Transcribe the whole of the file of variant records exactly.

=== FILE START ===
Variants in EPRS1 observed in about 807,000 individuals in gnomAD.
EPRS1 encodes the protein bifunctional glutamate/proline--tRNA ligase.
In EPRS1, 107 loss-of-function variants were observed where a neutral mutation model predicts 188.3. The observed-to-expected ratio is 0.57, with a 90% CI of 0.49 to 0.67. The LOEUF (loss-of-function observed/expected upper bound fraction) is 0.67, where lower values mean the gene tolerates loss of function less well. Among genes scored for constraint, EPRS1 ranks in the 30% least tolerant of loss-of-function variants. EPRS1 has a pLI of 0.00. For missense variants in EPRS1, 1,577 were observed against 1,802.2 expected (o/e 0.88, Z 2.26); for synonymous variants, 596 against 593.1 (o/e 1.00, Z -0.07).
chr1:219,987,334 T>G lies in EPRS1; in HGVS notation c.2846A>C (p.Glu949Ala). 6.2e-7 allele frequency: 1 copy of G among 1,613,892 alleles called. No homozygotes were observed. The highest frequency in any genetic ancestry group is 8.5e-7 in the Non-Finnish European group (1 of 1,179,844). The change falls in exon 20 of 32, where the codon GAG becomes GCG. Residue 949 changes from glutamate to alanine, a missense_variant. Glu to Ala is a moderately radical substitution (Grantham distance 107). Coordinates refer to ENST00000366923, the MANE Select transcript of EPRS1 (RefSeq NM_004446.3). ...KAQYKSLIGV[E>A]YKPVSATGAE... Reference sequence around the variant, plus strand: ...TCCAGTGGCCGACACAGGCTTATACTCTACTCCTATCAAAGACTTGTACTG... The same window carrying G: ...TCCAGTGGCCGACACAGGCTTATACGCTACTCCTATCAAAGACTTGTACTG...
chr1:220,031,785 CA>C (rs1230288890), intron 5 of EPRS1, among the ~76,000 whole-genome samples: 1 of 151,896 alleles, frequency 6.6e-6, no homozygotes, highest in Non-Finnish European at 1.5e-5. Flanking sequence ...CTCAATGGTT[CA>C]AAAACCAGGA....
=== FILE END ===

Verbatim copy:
Variants in EPRS1 observed in about 807,000 individuals in gnomAD.
EPRS1 encodes the protein bifunctional glutamate/proline--tRNA ligase.
In EPRS1, 107 loss-of-function variants were observed where a neutral mutation model predicts 188.3. The observed-to-expected ratio is 0.57, with a 90% CI of 0.49 to 0.67. The LOEUF (loss-of-function observed/expected upper bound fraction) is 0.67, where lower values mean the gene tolerates loss of function less well. Among genes scored for constraint, EPRS1 ranks in the 30% least tolerant of loss-of-function variants. EPRS1 has a pLI of 0.00. For missense variants in EPRS1, 1,577 were observed against 1,802.2 expected (o/e 0.88, Z 2.26); for synonymous variants, 596 against 593.1 (o/e 1.00, Z -0.07).
chr1:219,987,334 T>G lies in EPRS1; in HGVS notation c.2846A>C (p.Glu949Ala). 6.2e-7 allele frequency: 1 copy of G among 1,613,892 alleles called. No homozygotes were observed. The highest frequency in any genetic ancestry group is 8.5e-7 in the Non-Finnish European group (1 of 1,179,844). The change falls in exon 20 of 32, where the codon GAG becomes GCG. Residue 949 changes from glutamate to alanine, a missense_variant. Glu to Ala is a moderately radical substitution (Grantham distance 107). Coordinates refer to ENST00000366923, the MANE Select transcript of EPRS1 (RefSeq NM_004446.3). ...KAQYKSLIGV[E>A]YKPVSATGAE... Reference sequence around the variant, plus strand: ...TCCAGTGGCCGACACAGGCTTATACTCTACTCCTATCAAAGACTTGTACTG... The same window carrying G: ...TCCAGTGGCCGACACAGGCTTATACGCTACTCCTATCAAAGACTTGTACTG...
chr1:220,031,785 CA>C (rs1230288890), intron 5 of EPRS1, among the ~76,000 whole-genome samples: 1 of 151,896 alleles, frequency 6.6e-6, no homozygotes, highest in Non-Finnish European at 1.5e-5. Flanking sequence ...CTCAATGGTT[CA>C]AAAACCAGGA....